Beyond the problem of a bunch of idiots pulling their phones out in a voting area intimidating other voters, they should have a selfie area after the ballot box with fake ballots people can hold up which could represent their actual vote or not, their choice. Then anyone seeking proof of vote for bought votes would never know for sure, just like now.

  10. @JKB:

    I don’t know how it works in your state but in mine the voting machine is a closed off area not with a curtain that blocks anyone from looking over the voter’s shoulder. How would it “intimidate other voters” if I took a picture of myself in an area like that?

    Also, if someone is engaging in disruptive behavior in the polling place, that’s a different story. Taking a quick snapshot with a smartphone doesn’t seem disruptive to me.

  11. KM says:

    @JKB:
    This is actually not a bad idea. A generic pre-printed one with a flag stand or something as a background visual in the exit area outside the immediate voting booths. Satisfy those who want a pic opportunity without compromising the actual voting area.

    Hell, they could even charge a nominal fee for it and make some money off this. Capitalism!

  12. Jc says:

    @Doug Mataconis: It already takes long enough to vote. I don’t need further delays due to unnecessary narcissism 🙂 I am down with no photos, unless we can get a day off to vote or maybe two days of voting

  13. Franklin says:

    @JKB: I agree, this is a great solution.

    On a side note, I must also mention: some places have long voting lines (for some odd reason, this is usually inner cities). Having people waste time taking the perfect selfie only increased those voting lines.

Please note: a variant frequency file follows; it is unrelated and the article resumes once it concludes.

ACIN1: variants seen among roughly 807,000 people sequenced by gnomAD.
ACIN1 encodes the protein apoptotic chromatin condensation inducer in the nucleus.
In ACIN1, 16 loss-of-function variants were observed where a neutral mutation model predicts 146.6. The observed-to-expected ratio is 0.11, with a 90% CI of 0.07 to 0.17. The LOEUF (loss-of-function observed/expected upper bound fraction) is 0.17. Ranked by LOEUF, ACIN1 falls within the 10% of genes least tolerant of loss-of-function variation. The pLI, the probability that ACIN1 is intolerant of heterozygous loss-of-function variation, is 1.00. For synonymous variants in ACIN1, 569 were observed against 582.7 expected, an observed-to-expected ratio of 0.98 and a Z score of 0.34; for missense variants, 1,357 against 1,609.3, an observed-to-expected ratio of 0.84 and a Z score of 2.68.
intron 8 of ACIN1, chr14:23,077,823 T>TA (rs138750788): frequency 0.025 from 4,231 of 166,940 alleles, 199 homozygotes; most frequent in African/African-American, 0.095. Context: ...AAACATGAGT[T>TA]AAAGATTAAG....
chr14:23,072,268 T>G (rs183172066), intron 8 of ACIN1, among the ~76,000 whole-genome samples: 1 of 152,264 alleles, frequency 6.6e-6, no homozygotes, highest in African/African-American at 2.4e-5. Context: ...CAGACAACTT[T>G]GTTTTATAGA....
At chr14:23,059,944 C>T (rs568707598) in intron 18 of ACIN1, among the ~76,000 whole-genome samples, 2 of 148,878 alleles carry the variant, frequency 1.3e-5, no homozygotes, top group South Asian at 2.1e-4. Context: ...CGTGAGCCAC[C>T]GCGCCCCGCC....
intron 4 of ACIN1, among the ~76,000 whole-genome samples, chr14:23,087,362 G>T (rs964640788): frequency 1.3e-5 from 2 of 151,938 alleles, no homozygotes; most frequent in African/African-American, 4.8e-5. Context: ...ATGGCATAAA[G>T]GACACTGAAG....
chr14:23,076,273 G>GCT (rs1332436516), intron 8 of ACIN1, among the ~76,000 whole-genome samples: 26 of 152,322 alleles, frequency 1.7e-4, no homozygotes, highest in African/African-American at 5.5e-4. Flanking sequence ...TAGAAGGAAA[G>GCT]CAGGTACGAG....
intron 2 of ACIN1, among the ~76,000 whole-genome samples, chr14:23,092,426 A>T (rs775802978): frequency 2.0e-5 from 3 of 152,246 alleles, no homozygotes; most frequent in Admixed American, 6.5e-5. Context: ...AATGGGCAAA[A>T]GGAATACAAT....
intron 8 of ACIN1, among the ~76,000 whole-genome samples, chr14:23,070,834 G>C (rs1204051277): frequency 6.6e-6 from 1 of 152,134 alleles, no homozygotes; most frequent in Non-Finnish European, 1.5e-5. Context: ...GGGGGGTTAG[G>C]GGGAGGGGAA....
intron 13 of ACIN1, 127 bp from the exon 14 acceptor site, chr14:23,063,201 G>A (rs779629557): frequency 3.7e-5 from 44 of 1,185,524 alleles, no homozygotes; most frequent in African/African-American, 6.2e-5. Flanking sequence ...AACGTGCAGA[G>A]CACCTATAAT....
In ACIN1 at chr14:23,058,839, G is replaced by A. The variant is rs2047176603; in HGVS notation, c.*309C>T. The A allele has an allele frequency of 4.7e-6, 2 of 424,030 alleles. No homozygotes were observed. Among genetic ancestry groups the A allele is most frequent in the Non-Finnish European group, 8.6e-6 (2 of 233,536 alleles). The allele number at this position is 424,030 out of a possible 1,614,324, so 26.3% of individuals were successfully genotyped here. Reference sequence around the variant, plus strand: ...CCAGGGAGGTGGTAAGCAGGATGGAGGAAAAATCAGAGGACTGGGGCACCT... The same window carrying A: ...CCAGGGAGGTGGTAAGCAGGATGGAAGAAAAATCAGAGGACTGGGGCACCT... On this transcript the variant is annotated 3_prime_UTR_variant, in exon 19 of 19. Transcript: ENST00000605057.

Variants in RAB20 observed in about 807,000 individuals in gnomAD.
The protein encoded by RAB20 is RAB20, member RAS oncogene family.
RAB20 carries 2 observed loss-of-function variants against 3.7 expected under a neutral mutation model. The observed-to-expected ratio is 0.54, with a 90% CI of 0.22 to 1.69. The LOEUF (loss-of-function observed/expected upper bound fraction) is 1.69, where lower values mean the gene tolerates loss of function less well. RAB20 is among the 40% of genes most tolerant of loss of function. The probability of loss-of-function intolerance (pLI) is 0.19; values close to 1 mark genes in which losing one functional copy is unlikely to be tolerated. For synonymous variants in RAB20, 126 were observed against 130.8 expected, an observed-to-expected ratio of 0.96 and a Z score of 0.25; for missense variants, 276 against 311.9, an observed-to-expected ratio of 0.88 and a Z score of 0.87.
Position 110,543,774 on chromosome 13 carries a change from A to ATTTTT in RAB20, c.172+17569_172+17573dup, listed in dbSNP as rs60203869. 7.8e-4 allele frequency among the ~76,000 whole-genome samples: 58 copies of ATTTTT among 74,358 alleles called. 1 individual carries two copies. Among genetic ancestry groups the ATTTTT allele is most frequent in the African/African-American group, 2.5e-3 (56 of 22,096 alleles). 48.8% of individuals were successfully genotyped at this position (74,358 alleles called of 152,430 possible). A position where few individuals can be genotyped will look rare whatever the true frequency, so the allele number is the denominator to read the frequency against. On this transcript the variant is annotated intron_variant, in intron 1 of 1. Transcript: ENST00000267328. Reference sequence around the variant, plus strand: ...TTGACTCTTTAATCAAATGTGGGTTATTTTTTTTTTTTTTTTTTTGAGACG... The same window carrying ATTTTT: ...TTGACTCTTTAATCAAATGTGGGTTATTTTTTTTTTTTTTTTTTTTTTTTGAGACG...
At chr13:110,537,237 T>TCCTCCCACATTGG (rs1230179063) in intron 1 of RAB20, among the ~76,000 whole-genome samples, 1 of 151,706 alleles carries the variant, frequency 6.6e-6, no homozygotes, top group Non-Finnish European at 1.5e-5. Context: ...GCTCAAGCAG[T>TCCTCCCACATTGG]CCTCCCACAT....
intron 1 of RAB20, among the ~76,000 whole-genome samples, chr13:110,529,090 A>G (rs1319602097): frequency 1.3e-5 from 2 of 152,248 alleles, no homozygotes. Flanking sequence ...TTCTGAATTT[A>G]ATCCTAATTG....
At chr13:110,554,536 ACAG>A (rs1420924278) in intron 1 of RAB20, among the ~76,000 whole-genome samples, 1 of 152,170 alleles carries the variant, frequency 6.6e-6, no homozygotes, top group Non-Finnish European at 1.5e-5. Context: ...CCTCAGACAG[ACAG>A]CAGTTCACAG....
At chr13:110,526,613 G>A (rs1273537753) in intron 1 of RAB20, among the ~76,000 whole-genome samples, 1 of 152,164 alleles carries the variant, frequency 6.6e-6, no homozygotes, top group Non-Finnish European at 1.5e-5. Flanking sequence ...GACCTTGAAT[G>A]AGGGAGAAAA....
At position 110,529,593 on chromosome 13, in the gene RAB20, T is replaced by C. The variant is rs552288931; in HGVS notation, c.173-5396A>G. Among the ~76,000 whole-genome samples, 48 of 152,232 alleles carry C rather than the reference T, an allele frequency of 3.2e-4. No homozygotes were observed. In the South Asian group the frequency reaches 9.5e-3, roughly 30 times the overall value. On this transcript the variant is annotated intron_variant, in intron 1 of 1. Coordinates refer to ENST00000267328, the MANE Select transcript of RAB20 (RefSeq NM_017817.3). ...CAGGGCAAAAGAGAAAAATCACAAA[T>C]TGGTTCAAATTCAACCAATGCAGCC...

14. Liberal Capitalist says:

    Seriously. First world problems.

    Who cares.

    It’s about as damaging as voter fraud in the USA.

  15. Mister Bluster says:

    I think of voting as a form of speech. Maybe a supreme form.
    Photographs are also a form of speech.
    Not like rights are absolute but making a record of ones mug and their ballot is not like me yelling “fire” at the Makanda Township Fire Station/Polling Place when I vote there next Tuesday.
    (That would probably be disturbing the peace.)

  16. DrDaveT says:

    @Neil Hudelson:

    Even if vote buying/pressuring does occur, we don’t have to legislate out of existence every possible danger or bad behavior.

    The key is that it needs to be impossible to prove how you voted. If it is possible to prove how you voted, then various organizations (licit and illicit) have strong incentives to require such proof. That ranges from the Young Republicans who want to make a ballot selfie a requirement for membership, down to Joe the Knuckle who will break your windows (or your knees) unless you show him proof that you voted against Referendum #7.

    I’m normally not a big fan of “slippery slope” arguments, but this one seems pretty clear. Plus, there’s an enormous asymmetry between the potential downsides and the very trivial benefits of allowing such a thing. As Doug notes, you can always tell people who you voted for. The fact that you can’t prove it is a feature, not a bug.

  17. Mister Bluster says:

    @DrDaveT:..the very trivial benefits of allowing such a thing.